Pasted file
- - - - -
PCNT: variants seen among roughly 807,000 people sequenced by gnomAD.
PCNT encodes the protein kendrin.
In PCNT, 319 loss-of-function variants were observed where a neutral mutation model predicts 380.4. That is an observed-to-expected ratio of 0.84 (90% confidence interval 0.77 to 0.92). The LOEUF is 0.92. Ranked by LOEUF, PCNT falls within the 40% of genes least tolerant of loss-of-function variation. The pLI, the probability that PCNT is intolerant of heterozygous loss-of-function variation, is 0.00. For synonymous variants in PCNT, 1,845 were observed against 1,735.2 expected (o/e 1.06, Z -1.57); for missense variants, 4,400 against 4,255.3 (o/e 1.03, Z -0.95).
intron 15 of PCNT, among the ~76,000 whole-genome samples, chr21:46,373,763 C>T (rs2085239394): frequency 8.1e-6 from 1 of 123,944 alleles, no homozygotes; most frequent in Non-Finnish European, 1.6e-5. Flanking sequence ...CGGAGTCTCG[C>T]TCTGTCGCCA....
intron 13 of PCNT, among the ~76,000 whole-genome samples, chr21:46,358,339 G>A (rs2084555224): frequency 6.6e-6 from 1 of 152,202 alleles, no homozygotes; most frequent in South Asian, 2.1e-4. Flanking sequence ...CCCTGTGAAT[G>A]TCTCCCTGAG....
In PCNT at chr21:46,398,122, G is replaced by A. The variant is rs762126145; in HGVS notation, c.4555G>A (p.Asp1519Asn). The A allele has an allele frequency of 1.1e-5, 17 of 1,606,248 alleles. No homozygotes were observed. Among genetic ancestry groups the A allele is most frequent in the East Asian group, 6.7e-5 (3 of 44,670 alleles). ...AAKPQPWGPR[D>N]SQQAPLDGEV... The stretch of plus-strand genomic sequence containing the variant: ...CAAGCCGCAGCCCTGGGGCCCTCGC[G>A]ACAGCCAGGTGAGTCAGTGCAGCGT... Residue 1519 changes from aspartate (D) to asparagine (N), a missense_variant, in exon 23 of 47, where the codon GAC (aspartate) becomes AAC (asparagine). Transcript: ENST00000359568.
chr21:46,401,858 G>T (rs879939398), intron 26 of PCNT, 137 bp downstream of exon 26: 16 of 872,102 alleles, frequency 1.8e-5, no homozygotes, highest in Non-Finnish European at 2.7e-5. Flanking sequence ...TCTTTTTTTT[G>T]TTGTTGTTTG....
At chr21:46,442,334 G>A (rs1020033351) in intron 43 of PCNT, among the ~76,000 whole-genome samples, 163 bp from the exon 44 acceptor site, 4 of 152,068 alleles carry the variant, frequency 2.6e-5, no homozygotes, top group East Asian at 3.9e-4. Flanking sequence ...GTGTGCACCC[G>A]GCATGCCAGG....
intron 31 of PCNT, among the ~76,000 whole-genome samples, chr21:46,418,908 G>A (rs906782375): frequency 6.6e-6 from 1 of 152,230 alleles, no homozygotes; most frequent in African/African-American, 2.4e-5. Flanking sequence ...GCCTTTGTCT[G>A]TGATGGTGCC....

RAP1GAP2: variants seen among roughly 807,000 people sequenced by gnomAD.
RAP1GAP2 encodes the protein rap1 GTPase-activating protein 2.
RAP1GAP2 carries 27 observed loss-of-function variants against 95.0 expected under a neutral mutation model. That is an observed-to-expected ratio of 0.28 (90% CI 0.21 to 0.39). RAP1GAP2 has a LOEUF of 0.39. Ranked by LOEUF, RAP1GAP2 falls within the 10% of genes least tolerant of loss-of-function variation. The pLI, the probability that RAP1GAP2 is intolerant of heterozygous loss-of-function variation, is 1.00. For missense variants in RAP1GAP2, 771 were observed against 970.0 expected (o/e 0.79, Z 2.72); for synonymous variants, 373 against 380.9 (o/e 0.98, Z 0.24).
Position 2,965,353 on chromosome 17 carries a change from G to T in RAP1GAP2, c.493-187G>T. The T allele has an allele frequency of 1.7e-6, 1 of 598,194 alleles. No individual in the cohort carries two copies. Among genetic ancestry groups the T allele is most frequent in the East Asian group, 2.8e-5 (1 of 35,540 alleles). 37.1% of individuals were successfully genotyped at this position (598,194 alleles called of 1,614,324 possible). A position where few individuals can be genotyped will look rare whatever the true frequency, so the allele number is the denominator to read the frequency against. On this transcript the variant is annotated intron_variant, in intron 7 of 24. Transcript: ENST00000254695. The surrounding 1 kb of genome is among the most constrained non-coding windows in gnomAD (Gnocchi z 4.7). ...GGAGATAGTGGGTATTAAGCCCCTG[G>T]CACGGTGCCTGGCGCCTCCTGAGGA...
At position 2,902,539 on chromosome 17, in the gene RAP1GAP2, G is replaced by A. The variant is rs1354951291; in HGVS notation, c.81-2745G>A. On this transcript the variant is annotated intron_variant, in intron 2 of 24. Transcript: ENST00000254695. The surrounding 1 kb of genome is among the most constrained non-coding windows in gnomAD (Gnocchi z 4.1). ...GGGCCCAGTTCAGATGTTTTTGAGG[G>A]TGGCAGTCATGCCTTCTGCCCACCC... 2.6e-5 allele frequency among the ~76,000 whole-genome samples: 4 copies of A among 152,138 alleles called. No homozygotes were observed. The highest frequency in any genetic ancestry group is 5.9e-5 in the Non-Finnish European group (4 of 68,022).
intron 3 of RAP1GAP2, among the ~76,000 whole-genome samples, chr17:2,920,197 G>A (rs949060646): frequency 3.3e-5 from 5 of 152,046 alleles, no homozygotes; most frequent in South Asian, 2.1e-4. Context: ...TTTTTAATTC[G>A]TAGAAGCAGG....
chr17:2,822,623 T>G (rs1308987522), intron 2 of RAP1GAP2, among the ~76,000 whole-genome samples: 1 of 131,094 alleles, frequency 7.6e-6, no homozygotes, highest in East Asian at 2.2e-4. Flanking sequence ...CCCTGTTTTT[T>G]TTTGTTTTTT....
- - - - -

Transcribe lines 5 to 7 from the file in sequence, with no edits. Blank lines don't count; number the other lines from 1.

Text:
intron 13 of PCNT, among the ~76,000 whole-genome samples, chr21:46,358,339 G>A (rs2084555224): frequency 6.6e-6 from 1 of 152,202 alleles, no homozygotes; most frequent in South Asian, 2.1e-4. Flanking sequence ...CCCTGTGAAT[G>A]TCTCCCTGAG....
In PCNT at chr21:46,398,122, G is replaced by A. The variant is rs762126145; in HGVS notation, c.4555G>A (p.Asp1519Asn). The A allele has an allele frequency of 1.1e-5, 17 of 1,606,248 alleles. No homozygotes were observed. Among genetic ancestry groups the A allele is most frequent in the East Asian group, 6.7e-5 (3 of 44,670 alleles). ...AAKPQPWGPR[D>N]SQQAPLDGEV... The stretch of plus-strand genomic sequence containing the variant: ...CAAGCCGCAGCCCTGGGGCCCTCGC[G>A]ACAGCCAGGTGAGTCAGTGCAGCGT... Residue 1519 changes from aspartate (D) to asparagine (N), a missense_variant, in exon 23 of 47, where the codon GAC (aspartate) becomes AAC (asparagine). Transcript: ENST00000359568.
chr21:46,401,858 G>T (rs879939398), intron 26 of PCNT, 137 bp downstream of exon 26: 16 of 872,102 alleles, frequency 1.8e-5, no homozygotes, highest in Non-Finnish European at 2.7e-5. Flanking sequence ...TCTTTTTTTT[G>T]TTGTTGTTTG....